Type-level permissions determine the who can access the data in a given content type. They apply to all items of that type.
You can use policies or roles to specify type-level permissions. A policy is a predefined permissions set based on commonly used security patterns. For more granular permissions you need to use roles.
Telerik Platform supports four predefined security policies on type level: Private, Public, Shared, and Read-only. Those policies offer a convenient mechanism for supporting common access control scenarios without having to manage complex settings.
For instance, the
Users content type needs to allow anonymous users to register, which corresponds to the create operation. That is why
Users comes with Shared permissions by default. Naturally, you can switch to role-based permissions and allow only a given role to create user registrations, or you can implement additional checks using Cloud Code.
The Private policy implements the "read yours, write yours" pattern. This means that everyone can create items for the content type, but users can only read, update or delete their own items.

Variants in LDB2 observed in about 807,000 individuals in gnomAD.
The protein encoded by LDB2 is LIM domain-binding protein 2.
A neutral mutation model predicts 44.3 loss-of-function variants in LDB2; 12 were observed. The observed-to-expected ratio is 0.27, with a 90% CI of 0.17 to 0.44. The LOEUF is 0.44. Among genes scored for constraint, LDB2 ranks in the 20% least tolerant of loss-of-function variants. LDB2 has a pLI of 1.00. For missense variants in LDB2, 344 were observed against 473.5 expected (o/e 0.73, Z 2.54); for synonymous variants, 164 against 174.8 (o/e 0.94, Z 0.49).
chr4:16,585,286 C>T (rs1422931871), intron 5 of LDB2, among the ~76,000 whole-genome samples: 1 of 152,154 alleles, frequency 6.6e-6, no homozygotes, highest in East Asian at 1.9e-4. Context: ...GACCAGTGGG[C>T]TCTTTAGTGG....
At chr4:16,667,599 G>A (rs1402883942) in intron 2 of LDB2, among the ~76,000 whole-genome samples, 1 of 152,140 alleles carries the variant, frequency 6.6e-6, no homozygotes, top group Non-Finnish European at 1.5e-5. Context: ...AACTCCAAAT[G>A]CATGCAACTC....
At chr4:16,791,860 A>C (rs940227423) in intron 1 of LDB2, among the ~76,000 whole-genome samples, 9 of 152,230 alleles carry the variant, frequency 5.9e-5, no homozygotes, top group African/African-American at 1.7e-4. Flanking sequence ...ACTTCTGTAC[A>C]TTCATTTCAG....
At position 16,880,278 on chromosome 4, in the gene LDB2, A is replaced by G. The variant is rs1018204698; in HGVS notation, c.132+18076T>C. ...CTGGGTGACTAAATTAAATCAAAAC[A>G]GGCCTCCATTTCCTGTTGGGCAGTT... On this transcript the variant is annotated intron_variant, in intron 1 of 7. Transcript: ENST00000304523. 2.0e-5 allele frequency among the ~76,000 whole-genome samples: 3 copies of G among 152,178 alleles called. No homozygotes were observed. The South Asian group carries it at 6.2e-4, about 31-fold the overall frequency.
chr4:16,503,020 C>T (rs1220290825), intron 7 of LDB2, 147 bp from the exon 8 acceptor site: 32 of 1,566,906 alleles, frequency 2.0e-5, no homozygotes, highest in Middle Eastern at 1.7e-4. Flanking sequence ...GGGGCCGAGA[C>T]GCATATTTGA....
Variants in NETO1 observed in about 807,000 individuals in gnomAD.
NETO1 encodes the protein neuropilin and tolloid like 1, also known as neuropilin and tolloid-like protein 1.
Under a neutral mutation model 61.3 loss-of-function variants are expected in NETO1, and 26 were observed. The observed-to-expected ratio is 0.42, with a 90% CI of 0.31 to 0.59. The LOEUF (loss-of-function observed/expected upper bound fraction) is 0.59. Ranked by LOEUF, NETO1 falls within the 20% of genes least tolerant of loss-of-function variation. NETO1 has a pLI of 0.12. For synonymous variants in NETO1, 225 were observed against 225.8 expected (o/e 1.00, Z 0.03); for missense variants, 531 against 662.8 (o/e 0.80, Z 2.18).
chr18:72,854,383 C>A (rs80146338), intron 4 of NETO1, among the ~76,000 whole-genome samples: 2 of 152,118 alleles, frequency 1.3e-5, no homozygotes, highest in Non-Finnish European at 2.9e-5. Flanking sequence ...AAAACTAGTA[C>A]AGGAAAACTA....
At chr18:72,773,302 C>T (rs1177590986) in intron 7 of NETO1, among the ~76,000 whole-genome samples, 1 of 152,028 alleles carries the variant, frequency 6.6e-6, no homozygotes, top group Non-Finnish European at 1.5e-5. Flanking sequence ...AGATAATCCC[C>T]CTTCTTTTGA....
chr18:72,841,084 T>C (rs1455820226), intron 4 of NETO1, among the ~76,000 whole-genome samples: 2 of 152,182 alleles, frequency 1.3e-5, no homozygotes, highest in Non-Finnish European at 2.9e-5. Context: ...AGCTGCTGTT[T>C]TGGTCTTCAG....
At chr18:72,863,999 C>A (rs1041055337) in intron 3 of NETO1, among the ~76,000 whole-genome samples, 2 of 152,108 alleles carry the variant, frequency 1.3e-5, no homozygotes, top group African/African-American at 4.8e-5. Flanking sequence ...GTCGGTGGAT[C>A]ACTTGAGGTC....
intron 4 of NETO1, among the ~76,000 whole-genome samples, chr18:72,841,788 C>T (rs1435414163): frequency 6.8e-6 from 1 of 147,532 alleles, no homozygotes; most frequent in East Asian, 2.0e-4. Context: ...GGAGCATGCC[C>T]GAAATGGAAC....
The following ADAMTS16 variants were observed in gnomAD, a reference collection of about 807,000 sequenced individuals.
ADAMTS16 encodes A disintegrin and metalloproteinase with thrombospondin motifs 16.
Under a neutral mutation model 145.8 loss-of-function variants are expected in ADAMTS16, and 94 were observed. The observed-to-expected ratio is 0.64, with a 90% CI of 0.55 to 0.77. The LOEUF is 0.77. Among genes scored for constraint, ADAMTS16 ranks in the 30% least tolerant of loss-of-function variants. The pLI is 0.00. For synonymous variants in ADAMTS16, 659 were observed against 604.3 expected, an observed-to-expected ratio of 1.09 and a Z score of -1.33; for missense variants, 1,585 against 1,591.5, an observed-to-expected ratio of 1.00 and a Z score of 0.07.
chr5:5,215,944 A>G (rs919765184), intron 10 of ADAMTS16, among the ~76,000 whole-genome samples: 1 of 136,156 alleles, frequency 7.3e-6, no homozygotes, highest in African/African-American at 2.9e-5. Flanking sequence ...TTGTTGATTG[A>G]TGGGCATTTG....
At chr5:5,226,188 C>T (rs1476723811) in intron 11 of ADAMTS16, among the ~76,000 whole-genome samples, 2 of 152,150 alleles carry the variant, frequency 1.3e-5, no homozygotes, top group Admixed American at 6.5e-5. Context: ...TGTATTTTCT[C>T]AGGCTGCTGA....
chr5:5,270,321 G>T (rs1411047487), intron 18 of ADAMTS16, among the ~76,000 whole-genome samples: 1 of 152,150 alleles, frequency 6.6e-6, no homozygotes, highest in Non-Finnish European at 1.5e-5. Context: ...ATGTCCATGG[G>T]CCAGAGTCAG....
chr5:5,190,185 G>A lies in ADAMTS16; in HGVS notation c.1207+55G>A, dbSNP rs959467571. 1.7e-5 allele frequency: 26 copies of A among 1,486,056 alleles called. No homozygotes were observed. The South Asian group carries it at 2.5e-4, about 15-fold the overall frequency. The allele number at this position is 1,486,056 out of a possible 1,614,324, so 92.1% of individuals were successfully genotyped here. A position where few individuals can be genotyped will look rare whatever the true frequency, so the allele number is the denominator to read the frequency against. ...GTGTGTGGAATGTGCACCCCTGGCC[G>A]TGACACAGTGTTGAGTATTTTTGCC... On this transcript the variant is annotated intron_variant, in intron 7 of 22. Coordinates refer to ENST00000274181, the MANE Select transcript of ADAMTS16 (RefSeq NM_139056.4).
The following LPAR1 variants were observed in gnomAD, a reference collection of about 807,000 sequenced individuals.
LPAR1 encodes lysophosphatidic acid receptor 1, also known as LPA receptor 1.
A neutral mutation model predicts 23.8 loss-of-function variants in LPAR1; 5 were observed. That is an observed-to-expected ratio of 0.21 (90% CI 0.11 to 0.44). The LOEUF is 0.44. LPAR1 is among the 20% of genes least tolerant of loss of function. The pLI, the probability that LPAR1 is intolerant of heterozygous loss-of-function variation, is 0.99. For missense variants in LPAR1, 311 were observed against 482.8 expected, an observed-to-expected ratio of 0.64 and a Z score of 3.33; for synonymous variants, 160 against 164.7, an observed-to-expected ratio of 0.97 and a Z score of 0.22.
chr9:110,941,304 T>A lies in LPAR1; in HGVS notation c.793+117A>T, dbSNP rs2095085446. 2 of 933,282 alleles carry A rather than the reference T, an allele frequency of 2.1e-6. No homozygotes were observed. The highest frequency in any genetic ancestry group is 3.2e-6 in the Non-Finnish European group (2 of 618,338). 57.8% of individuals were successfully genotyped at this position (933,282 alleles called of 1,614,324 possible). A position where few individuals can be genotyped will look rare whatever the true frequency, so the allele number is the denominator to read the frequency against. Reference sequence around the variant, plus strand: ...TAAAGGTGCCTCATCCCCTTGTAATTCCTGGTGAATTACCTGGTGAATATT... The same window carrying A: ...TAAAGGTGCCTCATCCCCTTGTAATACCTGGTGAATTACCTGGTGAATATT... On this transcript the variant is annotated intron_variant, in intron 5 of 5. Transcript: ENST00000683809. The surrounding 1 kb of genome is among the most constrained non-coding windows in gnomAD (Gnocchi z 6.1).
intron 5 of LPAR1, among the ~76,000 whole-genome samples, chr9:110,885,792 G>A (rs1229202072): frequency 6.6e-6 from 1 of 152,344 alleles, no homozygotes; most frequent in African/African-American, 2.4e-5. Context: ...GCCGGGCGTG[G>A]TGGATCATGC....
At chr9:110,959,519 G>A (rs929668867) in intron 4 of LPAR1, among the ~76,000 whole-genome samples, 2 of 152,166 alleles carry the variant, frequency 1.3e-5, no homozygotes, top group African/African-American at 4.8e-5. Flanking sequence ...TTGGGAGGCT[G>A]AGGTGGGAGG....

The Public policy ensures that everyone can invoke all operations on the content type. Use this with caution, because with this policy even anonymous users can delete your data.
The Shared policy is very common and gives you the "read all, write yours" model. With this model everyone can create and read items, but users can only update or delete their own items.
The Read-only policy is meant for some system content types, where users must be able to read the data, but cannot add new items or edit or delete existing.
By default, when you create a new app,
Files are using the Shared security policy. This means that everyone can create users and files and can read all of the existing ones. Consider changing the security settings for those types if you have other requirements for your application.
When you add a new content type to your app, it is automatically initialized with Public permissions.
Consider changing the default policy to something more restrictive that meet both your business and security needs.
The content type owner has different permissions under each predefined access control policy. To let the user exercise these permissions, you need to make sure that the user is indeed logged in to your application. Otherwise, they will operate with Anonymous permissions.